Golf Travel: Malone, NY – Welcoming The Canadian Golf Invasion

Malone Golf Club - West Course (Photo: Scott MacLeod)

Franklin County, New York. Not exactly the hub of the world golf scene. But, as I learned long ago in visiting golf clubs and destinations – never pre-judge. Every, and I mean every locale always seems to offer up a pleasant surprise of some kind.

Dating back more than 200 years, Malone is the county seat with some 15,000 residents. Located just minutes from the Quebec border and less than an hour to Ontario, during War of 1812 the village was a popular victim for British Troops coming from north of the border.

People still stream in from there, but now they do it with golf clubs in tow.

While Malone has been afflicted by downturns in various business segments through the years, it continues to thrive. A big part of that is due to a strong stream of tourists, and golf is one of the major attractions.

Malone Golf Club – East Course

The Malone Golf Club, now home to 36 holes, was first established in 1903. Most of those who first partook in the club’s delights were locals, but that was soon to change. And continue, to this day.

This area of New York, the Adirondacks, has everything going for it when it comes to natural surroundings. Fresh air, long expanses of forest, wildlife, and as many quiet moments as you can handle. It is an outdoor paradise – be it in Malone, Lake Placid, Saranac Lake or the many other small communities that dot this landscape. It’s worth a visit, even if golf is not on your agenda.


The town of Malone New York might not be up yet but I am. Rising early with one of the first tee times of the day, at the Holiday Inn Express I am soon joined in the breakfast area by an innumerable amount of like-minded people. We are all here in this northern New York State town for one purpose, golf.

Golf came to this part of Franklin County when Canadian Albert Murray laid out a course for the town. In the late 1930’s what followed were upgrades by Donald Ross.

Quaint as the course was, it served the community well. But things really kicked off in 1987 when the club added the handiwork of Robert Trent Jones and expanded to 36 holes. A golf destination was born.


Back at the hotel, the license plates deceive you into thinking you are north, not south of the border. Ontario and Quebec tags dominate. It might be a cool weekend in late Spring but more than 50 guests at my hotel alone are here with eyes on one thing – unlimited golf.

It’s been 114 years since their countryman brought golf to Malone, and the Canadians keep coming.For good reason. The golf is great and the golf packages are value-packed.

On my first foray to the club, the staff could not have been friendlier, or accommodating. Arriving at 6:30, well before my tee time, apprentice professional Brian Fairchild gave me the nod and sent me on my way to a solo journey. “Have fun out there; you’ll enjoy the East course.” When I ask about highlights he adds, “holes five and six on the front for sure, and there some good elevation in the holes on the back nine. Some good views.”

He was correct, on all accounts.

With so many hands in the design, I expected a hybrid type course when it came to looks. And it is. The common thread is a favorable landscape marked by mature forest, elevation, and hints of water.

And the greens, yes, the greens. Most notable. I joked with the staff after completing my tour that the membership must be well-divided into those that love and those that hate putting. The greens are not only slick but sloped enough to give you pause over even the most menial of tests. Controlling where you miss the approach shot is nearly important as hitting it well.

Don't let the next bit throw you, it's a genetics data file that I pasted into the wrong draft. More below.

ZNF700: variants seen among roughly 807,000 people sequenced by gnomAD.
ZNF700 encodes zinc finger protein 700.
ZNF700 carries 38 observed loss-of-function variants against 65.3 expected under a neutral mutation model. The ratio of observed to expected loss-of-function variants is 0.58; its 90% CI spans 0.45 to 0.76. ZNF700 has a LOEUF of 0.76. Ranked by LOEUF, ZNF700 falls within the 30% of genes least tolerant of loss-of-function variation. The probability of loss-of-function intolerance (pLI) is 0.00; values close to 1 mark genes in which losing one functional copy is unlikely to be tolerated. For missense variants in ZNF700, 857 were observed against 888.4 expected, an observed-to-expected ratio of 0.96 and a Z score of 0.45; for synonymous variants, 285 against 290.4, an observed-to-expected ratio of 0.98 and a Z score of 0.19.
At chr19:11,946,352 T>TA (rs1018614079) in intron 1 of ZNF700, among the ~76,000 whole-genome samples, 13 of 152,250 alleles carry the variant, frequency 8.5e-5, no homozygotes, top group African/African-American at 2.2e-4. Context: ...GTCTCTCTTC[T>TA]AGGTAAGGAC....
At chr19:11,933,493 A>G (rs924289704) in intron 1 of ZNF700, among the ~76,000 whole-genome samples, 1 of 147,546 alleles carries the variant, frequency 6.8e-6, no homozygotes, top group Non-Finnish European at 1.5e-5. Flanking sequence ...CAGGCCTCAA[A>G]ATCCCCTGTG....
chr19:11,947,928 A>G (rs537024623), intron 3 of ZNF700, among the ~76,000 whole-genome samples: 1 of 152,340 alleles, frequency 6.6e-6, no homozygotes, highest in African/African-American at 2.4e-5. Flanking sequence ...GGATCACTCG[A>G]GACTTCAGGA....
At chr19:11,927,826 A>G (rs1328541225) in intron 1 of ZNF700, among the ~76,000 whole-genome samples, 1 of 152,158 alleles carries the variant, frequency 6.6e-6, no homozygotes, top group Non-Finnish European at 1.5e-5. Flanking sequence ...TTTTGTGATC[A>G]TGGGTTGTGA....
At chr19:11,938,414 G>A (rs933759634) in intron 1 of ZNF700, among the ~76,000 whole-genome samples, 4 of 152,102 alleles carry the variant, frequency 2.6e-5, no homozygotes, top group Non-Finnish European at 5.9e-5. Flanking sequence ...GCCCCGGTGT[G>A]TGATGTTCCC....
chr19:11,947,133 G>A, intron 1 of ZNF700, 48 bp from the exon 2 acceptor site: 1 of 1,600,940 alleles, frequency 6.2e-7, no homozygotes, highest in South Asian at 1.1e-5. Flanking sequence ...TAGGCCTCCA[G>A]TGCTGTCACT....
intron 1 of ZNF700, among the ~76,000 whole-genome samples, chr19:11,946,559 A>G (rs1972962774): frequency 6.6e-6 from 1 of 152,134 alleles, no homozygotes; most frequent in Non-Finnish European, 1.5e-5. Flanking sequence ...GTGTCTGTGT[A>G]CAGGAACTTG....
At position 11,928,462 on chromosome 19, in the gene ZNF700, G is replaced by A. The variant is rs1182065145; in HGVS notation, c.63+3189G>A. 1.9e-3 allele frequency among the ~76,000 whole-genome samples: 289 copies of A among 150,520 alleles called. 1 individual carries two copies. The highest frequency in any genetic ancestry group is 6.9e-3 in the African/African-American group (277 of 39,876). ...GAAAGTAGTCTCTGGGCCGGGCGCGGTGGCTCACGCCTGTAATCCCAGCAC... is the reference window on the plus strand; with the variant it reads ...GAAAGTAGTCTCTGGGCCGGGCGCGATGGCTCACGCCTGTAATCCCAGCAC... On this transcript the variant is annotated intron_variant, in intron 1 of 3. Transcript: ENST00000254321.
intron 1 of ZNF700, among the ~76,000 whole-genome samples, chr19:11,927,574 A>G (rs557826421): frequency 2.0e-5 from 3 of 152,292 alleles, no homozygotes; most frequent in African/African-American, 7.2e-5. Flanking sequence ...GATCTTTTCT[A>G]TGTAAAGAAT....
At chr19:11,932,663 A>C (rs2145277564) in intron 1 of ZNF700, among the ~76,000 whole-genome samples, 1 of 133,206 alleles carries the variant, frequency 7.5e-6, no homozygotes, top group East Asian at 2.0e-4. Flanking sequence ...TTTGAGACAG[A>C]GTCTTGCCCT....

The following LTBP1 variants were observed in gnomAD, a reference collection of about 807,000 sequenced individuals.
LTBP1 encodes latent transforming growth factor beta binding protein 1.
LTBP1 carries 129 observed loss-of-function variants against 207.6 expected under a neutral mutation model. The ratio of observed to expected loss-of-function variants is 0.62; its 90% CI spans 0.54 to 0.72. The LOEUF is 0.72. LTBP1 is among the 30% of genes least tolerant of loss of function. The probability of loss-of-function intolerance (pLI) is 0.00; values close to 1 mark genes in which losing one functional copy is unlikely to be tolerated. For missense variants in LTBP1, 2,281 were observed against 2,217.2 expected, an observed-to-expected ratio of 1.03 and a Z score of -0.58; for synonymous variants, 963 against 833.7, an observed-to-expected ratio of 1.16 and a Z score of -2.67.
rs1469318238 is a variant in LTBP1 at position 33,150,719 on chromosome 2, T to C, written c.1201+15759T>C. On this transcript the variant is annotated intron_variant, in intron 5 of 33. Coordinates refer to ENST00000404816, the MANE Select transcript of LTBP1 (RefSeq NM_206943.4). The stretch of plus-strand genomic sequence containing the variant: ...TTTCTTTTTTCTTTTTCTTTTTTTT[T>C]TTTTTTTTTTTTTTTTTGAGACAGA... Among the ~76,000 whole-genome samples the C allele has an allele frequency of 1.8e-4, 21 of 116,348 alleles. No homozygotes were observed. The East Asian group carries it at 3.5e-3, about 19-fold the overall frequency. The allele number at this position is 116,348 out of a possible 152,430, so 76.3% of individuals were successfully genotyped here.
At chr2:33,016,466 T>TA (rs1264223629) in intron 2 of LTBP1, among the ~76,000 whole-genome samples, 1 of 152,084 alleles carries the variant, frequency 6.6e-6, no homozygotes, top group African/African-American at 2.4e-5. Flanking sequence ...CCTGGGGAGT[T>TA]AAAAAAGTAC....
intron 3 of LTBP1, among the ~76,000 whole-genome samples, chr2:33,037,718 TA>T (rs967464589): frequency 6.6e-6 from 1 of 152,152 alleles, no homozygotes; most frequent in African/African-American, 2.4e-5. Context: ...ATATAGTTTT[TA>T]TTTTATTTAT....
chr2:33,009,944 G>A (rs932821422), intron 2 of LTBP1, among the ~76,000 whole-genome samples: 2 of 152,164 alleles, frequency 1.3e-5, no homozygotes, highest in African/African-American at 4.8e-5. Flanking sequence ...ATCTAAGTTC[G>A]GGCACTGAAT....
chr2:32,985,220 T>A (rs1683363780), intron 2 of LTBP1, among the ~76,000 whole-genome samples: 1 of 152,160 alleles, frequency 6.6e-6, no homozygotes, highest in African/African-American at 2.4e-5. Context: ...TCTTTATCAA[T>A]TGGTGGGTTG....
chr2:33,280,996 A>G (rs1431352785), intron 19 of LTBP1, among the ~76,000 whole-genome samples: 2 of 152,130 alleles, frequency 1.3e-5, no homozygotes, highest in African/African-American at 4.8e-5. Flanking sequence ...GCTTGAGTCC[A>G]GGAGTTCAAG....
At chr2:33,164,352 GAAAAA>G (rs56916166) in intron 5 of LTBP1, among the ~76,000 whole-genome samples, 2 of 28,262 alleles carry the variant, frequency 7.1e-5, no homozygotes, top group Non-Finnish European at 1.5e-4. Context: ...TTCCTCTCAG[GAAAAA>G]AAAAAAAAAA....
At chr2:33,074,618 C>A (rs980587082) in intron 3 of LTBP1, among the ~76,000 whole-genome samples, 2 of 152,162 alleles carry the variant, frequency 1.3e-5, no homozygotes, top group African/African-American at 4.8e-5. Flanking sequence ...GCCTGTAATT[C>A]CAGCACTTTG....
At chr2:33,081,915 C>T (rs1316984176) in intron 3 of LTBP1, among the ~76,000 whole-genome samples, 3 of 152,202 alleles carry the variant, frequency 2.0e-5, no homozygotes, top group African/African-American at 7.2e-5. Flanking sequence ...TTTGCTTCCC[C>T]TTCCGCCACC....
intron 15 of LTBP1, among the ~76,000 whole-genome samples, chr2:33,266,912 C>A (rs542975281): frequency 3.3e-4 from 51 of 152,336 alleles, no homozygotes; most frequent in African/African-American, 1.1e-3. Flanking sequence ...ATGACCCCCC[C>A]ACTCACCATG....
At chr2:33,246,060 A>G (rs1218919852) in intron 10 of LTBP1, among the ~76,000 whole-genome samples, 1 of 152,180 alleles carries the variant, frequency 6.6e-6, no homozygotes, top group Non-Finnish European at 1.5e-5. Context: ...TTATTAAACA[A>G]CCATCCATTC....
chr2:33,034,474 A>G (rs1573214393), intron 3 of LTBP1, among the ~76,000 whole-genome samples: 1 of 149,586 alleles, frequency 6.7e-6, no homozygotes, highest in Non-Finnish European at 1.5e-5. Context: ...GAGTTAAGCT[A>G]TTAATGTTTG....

To my relief, generally there is a wide corridor provided for most tee shots.

Throughout the East course there are notable elevation changes and the holes have been fitted to make great use of them.  You will find holes that dive into valleys, move along ridges, and even play from elevated tees to equally raised greens.  It keeps your interest. Always a big draw for me and, seemingly, the many other golfers who talk glowingly about the place.

Round one of my visit only made me more eager to return to the Malone Golf Club to challenge the West Course.

As I had done the day before, I arrived early. Just for the peaceful drive alone.

Setting out alone on the West Course I found a more modern design but one equally compelling as its sister layout. It’s not a complicated design but makes great use of the landscape, reaching a crescendo over the last few holes where shot-making becomes increasingly important.

By the time I left the final green, I was smiling. That’s a good sign. The golf had been pleasing but even more so had been the unexpected moments throughout the weekend.

A treat at Bokie’s Drive-In

The night previous I sat with Donovan Rayome, proprietor of Donovan’s, a local steakhouse. “Malone. It’s a special place,” he tells me as I eye my Striploin and Mac & Cheese that would prove to be tasty as any I have found in the great steakhouse of the world.

A similar chat took place with Carrie Marshall Boulais, owner of a local institution – Bokie’s Drive In. Her pink palace, which started as an ice cream stand in 1956, serves up handmade ice cream delights and freshly made food at an impressive pace. So much so that she has more than 35 staff to help through the busy summer days.

People drive hours to visit both establishments and you can see why. Their heartfelt intentions carry though into their food and the way every customer is treated.

That in essence, is the story of Malone and the surrounding Adirondack Region. It’s full of surprises at an unexpected level, all delivered in an authentic way.

The town’s people may have resisted those early interlopers but today, 200 years later, all, especially those carrying golf clubs, could not be more welcome.